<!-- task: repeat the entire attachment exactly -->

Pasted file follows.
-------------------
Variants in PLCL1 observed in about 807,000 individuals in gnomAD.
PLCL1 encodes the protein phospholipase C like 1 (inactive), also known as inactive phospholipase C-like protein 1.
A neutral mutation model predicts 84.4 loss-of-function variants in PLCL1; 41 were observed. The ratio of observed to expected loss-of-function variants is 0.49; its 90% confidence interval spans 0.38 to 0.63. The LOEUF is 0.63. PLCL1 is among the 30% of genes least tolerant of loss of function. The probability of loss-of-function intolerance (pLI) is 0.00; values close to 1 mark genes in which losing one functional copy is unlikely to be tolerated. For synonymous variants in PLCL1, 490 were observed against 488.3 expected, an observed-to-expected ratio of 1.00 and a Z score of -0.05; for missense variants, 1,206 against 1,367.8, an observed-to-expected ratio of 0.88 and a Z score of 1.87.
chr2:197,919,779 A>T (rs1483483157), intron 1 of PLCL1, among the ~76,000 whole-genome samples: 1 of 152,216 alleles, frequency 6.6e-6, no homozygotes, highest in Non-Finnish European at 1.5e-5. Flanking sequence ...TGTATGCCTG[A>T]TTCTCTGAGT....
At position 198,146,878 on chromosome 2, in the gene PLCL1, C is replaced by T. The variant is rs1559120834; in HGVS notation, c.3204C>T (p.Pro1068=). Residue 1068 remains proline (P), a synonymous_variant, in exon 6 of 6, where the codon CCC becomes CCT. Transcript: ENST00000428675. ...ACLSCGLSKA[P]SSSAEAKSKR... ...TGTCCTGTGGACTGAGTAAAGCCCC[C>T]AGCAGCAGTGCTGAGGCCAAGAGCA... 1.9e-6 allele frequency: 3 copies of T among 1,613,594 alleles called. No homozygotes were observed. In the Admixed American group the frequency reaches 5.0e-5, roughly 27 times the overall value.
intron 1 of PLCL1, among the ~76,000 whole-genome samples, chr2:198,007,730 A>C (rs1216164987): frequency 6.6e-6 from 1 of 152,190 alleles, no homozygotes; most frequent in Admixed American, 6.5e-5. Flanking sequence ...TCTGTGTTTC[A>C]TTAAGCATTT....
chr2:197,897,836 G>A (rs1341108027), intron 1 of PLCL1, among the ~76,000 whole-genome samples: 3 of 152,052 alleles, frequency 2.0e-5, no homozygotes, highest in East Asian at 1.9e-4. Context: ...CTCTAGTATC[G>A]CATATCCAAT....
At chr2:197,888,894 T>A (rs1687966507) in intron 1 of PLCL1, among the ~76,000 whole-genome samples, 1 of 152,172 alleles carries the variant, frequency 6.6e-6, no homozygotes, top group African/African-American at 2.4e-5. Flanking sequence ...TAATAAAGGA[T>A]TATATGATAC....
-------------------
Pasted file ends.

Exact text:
Variants in PLCL1 observed in about 807,000 individuals in gnomAD.
PLCL1 encodes the protein phospholipase C like 1 (inactive), also known as inactive phospholipase C-like protein 1.
A neutral mutation model predicts 84.4 loss-of-function variants in PLCL1; 41 were observed. The ratio of observed to expected loss-of-function variants is 0.49; its 90% confidence interval spans 0.38 to 0.63. The LOEUF is 0.63. PLCL1 is among the 30% of genes least tolerant of loss of function. The probability of loss-of-function intolerance (pLI) is 0.00; values close to 1 mark genes in which losing one functional copy is unlikely to be tolerated. For synonymous variants in PLCL1, 490 were observed against 488.3 expected, an observed-to-expected ratio of 1.00 and a Z score of -0.05; for missense variants, 1,206 against 1,367.8, an observed-to-expected ratio of 0.88 and a Z score of 1.87.
chr2:197,919,779 A>T (rs1483483157), intron 1 of PLCL1, among the ~76,000 whole-genome samples: 1 of 152,216 alleles, frequency 6.6e-6, no homozygotes, highest in Non-Finnish European at 1.5e-5. Flanking sequence ...TGTATGCCTG[A>T]TTCTCTGAGT....
At position 198,146,878 on chromosome 2, in the gene PLCL1, C is replaced by T. The variant is rs1559120834; in HGVS notation, c.3204C>T (p.Pro1068=). Residue 1068 remains proline (P), a synonymous_variant, in exon 6 of 6, where the codon CCC becomes CCT. Transcript: ENST00000428675. ...ACLSCGLSKA[P]SSSAEAKSKR... ...TGTCCTGTGGACTGAGTAAAGCCCC[C>T]AGCAGCAGTGCTGAGGCCAAGAGCA... 1.9e-6 allele frequency: 3 copies of T among 1,613,594 alleles called. No homozygotes were observed. In the Admixed American group the frequency reaches 5.0e-5, roughly 27 times the overall value.
intron 1 of PLCL1, among the ~76,000 whole-genome samples, chr2:198,007,730 A>C (rs1216164987): frequency 6.6e-6 from 1 of 152,190 alleles, no homozygotes; most frequent in Admixed American, 6.5e-5. Flanking sequence ...TCTGTGTTTC[A>C]TTAAGCATTT....
chr2:197,897,836 G>A (rs1341108027), intron 1 of PLCL1, among the ~76,000 whole-genome samples: 3 of 152,052 alleles, frequency 2.0e-5, no homozygotes, highest in East Asian at 1.9e-4. Context: ...CTCTAGTATC[G>A]CATATCCAAT....
At chr2:197,888,894 T>A (rs1687966507) in intron 1 of PLCL1, among the ~76,000 whole-genome samples, 1 of 152,172 alleles carries the variant, frequency 6.6e-6, no homozygotes, top group African/African-American at 2.4e-5. Flanking sequence ...TAATAAAGGA[T>A]TATATGATAC....